MS is an autoimmune disorder. That means patients are injured by their own immune system. A patient with MS is exposed to some unknown trigger that excites the immune system. It could be a virus or something in the air or something the patient eats or drinks.
The trigger causes the cells of the immune system to attack the central nervous system and create lesions (damaged tissue) on the brain, spinal cord, and optic nerve, which is instrumental to sight. The body’s immune system includes T-cells and B-cells that normally help protect us from disease and infection, but these cells malfunction in people with MS.
For many years, researchers believed only T-cells were involved in the MS disease process; thus, many of the medications that have been available to treat MS target only T-cells. But the research into Ocrevus revealed that patients with MS also may have B-cells that are malfunctioning.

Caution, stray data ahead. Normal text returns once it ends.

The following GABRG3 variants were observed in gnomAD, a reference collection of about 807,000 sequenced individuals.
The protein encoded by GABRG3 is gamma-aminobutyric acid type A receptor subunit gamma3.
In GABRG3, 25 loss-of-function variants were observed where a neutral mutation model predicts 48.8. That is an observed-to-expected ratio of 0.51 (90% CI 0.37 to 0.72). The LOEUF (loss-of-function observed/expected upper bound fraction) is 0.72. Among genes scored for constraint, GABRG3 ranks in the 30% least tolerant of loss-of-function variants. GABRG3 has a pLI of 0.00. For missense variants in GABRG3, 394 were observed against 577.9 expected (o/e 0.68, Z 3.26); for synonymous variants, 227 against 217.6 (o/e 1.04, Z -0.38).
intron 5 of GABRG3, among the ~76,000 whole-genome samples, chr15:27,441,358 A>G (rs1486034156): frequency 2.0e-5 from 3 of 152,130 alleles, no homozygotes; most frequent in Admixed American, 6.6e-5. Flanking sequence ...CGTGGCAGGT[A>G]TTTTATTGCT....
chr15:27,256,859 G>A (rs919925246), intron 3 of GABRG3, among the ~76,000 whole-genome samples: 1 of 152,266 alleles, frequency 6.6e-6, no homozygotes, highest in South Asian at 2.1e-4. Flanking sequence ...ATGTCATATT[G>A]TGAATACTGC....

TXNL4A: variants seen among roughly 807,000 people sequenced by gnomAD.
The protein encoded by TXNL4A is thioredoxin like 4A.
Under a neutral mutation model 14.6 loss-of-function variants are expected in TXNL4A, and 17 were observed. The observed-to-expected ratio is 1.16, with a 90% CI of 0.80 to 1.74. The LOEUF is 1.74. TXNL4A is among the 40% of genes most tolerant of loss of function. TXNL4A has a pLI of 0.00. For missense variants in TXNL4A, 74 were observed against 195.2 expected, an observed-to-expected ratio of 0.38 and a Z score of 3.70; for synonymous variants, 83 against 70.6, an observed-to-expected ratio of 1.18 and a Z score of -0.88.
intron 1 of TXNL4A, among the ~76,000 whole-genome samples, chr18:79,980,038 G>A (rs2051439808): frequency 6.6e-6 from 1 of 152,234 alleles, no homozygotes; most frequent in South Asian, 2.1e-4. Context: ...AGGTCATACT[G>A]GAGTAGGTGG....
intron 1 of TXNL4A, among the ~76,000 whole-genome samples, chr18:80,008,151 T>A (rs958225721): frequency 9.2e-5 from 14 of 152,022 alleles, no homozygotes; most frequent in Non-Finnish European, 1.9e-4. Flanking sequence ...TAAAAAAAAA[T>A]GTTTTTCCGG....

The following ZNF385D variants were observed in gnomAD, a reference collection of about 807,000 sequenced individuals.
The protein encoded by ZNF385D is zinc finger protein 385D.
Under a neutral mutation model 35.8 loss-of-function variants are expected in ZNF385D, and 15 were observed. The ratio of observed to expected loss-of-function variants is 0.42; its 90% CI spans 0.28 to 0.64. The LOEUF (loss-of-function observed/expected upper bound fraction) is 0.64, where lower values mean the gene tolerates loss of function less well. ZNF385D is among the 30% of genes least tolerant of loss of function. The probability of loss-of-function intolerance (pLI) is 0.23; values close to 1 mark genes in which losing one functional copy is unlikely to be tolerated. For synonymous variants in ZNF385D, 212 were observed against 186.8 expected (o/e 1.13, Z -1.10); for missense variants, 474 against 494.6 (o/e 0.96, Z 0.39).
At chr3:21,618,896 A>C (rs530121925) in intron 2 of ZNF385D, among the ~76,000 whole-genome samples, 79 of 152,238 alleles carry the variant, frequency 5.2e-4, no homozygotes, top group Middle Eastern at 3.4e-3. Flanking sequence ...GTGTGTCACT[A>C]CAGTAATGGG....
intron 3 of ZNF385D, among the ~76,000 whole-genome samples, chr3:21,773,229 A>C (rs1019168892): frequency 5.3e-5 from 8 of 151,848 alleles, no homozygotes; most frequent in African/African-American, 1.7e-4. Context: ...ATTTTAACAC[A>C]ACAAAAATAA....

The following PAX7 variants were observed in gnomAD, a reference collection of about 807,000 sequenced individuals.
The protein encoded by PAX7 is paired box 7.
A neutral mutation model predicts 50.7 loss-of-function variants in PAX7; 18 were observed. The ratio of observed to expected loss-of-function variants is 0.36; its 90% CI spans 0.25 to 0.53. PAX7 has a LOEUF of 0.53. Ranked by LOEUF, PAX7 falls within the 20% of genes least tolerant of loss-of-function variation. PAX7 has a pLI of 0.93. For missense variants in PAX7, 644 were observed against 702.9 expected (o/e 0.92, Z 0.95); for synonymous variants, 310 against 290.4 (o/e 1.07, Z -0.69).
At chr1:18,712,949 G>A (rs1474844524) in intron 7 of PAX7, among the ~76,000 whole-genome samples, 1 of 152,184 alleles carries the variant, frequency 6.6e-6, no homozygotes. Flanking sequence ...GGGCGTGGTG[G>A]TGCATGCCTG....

Ocrevus, a monoclonal antibody, targets and destroys B-cells with a certain kind of receptor (a molecule that lets the cells receive chemical signals from elsewhere in the body). The receptor that Ocrevus looks for is called CD20. Once it finds that receptor, it binds to that cell and pops it. The body then removes that destroyed cell from circulation.
Ocrevus is available from our Clinical Center for Multiple Sclerosis and other MS specialty centers. We see more than 5,000 patients with MS each year, and each patient receives a personalized treatment plan. We’re currently scheduling patients to start receiving Ocrevus infusions at our University Hospital Infusion Center – Aston. Patients will receive Ocrevus every six months. Call 214-645-8300 or request an appointment with our online form.